PURE Evoke Mio digital radio
Pure's Evoke Mio is a portable digital radio with a delightful design
- Cute as a button, solid build quality, good (but not outstanding) audio quality, rechargeable battery pack, energy saving mode
- Audio quality suffers when paired with an MP3 player or PC, no bass or treble controls, slightly heavy for a portable radio
The Pure Evoke Mio is a gorgeous little digital radio with decent audio quality, but the price point is a bit of a let down
Price$ 369.00 (AUD)
The latest eye-catching number from Pure is the Evoke Mio portable digital radio. It's the Pure Evoke-1S digital radio, but with a new outfit that comes in a variety of colours with a suede and leather finish.
The Evoke Mio has an unobtrusive, neo-retro design; it looks a little bit like a funky suitcase or a fasionista's lunch box. It feels sturdily built, and it has a bit of heft to it. It ships with a rechargeable battery pack and has a carry handle on top, so you can carry it around the home or take it outdoors. It also has an FM tuner and an auxiliary input that lets you connect an external audio source, such as an MP3 player.
The front of the Evoke Mio is not overcrowded with too many buttons and labels. Things are kept neat and simple with a volume knob that doubles as a mute button, while next to it sits a tuner knob that is also used for menu navigation. Below the tuner you will find buttons numbered one to six used for station presets (up to 30 are available). You get the usual menu, source, info and standby buttons, and the radio also comes with a timer button, which can be handy while you're cooking in the kitchen.
A two-line, yellow-on-black OLED screen displays information about stations, the time, which mode you are in and various other information related to the current mode. A nifty feature is the light sensor, which adjusts the brightness of the display depending on ambient lighting.
Navigating through the menu is simple. Menu options are straightforward and there is no lag when scrolling through stations or changing the volume or other settings. Switching stations takes a little longer than we’d hoped, but it’s not especially bothersome.
A full-range 3in speaker is located to the left of the controls and the screen, but unfortunately it doesn't deliver the best quality we've heard from a Pure product to date. Audio is muddy and can lack definition when playing music from an MP3 player, but digital radio sounds a lot better. The digital radio reception was crystal clear in our tests. Annoyingly, you can't adjust the treble and bass on the radio.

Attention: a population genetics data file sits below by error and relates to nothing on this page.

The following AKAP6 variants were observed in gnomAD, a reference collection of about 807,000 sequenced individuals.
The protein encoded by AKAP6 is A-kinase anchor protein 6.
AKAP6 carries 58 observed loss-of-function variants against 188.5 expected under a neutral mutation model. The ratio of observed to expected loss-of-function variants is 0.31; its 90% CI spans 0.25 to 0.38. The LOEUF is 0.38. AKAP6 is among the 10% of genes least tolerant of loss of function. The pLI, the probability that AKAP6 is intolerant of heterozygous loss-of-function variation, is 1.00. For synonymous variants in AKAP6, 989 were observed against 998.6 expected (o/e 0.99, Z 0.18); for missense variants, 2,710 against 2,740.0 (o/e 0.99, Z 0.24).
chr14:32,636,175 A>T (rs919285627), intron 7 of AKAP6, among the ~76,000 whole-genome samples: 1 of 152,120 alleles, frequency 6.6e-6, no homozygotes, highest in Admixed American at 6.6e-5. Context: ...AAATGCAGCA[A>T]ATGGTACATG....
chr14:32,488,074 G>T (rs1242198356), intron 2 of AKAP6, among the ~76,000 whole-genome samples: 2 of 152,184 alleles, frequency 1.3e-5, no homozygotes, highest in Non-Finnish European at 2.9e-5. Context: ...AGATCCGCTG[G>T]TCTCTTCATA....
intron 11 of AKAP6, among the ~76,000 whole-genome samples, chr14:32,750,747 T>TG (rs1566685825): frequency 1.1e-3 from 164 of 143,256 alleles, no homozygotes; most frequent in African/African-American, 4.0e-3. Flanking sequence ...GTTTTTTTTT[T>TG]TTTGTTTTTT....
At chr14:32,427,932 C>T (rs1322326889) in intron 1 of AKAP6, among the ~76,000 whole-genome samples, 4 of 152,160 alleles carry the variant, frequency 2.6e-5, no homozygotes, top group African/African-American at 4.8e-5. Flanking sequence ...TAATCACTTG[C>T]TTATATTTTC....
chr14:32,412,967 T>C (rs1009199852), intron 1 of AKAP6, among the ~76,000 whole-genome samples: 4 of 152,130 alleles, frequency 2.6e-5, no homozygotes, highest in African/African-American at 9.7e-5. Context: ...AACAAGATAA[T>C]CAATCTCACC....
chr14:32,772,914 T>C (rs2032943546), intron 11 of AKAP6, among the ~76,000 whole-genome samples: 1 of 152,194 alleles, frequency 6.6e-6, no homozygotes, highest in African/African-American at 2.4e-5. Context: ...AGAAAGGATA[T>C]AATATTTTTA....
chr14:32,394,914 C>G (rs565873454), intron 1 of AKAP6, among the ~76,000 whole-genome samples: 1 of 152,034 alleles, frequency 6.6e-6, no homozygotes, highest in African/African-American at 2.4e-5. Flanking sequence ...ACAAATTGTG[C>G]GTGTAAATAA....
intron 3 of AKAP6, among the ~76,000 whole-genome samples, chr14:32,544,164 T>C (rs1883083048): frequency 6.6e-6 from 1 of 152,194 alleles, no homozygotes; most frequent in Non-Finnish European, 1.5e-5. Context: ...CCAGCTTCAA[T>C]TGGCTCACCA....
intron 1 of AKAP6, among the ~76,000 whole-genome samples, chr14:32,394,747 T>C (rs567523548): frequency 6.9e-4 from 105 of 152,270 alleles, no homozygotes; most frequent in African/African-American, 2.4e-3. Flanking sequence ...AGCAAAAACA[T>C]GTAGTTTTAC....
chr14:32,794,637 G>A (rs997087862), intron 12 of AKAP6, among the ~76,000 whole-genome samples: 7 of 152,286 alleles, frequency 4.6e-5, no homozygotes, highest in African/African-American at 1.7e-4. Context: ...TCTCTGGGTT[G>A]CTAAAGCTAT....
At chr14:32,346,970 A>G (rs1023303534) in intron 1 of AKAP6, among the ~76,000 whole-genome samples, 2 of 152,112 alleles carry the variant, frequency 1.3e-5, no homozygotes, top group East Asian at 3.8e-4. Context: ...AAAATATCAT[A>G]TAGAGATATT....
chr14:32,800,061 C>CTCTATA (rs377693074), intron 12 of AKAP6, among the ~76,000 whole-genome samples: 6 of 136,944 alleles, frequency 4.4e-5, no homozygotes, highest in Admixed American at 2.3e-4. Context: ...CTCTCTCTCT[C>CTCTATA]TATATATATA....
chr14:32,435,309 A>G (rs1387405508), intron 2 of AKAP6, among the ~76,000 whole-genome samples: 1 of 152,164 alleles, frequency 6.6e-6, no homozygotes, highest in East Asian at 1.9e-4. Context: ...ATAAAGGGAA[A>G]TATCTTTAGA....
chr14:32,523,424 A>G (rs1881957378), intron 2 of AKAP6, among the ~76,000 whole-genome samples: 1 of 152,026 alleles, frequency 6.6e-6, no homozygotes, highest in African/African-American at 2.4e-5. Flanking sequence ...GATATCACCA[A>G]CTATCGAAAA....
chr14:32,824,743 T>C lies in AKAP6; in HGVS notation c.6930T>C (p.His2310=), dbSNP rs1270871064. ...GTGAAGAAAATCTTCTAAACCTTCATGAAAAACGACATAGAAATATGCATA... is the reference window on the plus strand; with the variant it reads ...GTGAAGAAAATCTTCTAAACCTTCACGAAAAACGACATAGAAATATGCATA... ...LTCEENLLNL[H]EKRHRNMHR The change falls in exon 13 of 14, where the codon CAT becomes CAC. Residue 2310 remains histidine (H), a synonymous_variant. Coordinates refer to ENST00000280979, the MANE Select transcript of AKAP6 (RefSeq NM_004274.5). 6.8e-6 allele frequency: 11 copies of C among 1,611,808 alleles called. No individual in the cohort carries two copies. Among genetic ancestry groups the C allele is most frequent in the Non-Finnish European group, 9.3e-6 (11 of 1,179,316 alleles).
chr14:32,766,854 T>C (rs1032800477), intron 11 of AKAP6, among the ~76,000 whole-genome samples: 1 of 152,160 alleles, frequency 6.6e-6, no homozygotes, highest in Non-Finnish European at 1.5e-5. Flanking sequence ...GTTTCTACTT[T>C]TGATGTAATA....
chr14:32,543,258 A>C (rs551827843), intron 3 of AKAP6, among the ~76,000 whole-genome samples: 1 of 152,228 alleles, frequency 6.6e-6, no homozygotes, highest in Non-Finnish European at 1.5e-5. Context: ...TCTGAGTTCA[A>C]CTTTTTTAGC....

We were pleased with the Pure Evoke Mio’s performance. The design is attractive and has a nostalgic, retro look with a touch of modern flair. The price is a bit high in our opinion, especially when you compare it to cheaper, feature-packed digital radios like the Pure One Elite or the Kogan Wi-Fi Digital Radio DAB With iPhone Docking Station Deluxe. However, those two radios don't look as nice, nor do they have a rechargeable battery pack like the Mio. If you have a little extra cash to spend and don’t need a radio that you can plug an iPod into, then the Evoke Mio might just be the digital radio for you.
Become a fan of GoodGearGuide on Facebook
Follow GoodGearGuide on Twitter: @GoodGearGuide
Stay up to date with the latest reviews. Sign up to GoodGearGuide’s Gear Daily newsletters
Join the PC World newsletter!
Most Popular Reviews
- 1 Witness a 241% Australian price hike: Dell Latitude 7370 review
- 2 Is this the best value phone on the market? Moto G4 Plus review
- 3 Sony Xperia X Performance review: Sony’s most disappointing product in years
- 4 Huawei P9 review: lifting photography to another level... sometimes.
- 5 Huawei Mate 8 review: probably the best all-round Android phone you can buy
Best Deals on PC World
Latest News Articles
- Google quietly kills its Nexus Player as Chromecast overshadows Android TV
- How to customize the Apple TV (fourth-generation) home screen
- YouTube's Content ID program finally provides for ad revenue during disputes
- Sony cranks up optical disc storage to 3.3TB
- Hands-on with Surface Hub: Microsoft's huge tablet has some productivity holes
GGG Evaluation Team
First impression on unpacking the Q702 test unit was the solid feel and clean, minimalist styling.
For work use, Microsoft Word and Excel programs pre-installed on the device are adequate for preparing short documents.
The Fujitsu LifeBook UH574 allowed for great mobility without being obnoxiously heavy or clunky. Its twelve hours of battery life did not disappoint.
The screen was particularly good. It is bright and visible from most angles, however heat is an issue, particularly around the Windows button on the front, and on the back where the battery housing is located.
My first impression after unboxing the Q702 is that it is a nice looking unit. Styling is somewhat minimalist but very effective. The tablet part, once detached, has a nice weight, and no buttons or switches are located in awkward or intrusive positions.
- FTSocial Media AssistantQLD
- CCPortfolio AnalystVIC
- FTSenior Technical ConsultantVIC
- CCSAP BODS ConsultantNSW
- CCBI Delivery Project ManagerVIC
- CCData Integration specialistACT
- FTSQL DATA AnalyticsNSW
- FTSOE Desktop Engineer - must have SCCM 2012NSW
- FTPortfolio Governance ConsultantNSW
- CCBusiness Analyst (NON-IT)WA
- CCCRM DeveloperACT
- CCServiceNow Technical LeadNSW
- CCIOS DeveloperWA
- FTProgram Master SchedulerVIC
- FTJava DeveloperVIC
- CCJava DeveloperQLD
- CCProject CoordinatorACT
- FTFull stack (back end focus) Java Developer | Defence | NV1ACT
- CCPricing ManagerNSW
- CCTechnical Specialist - EUCNSW
- CCService Lead - Cloud hosting and storageNSW
- FTGraduate IT supportNSW
- CCBPM Solution ArchitectVIC
- CCPractice Lead - Java, FrontendVIC
- CCSenior Data ArchitectNSW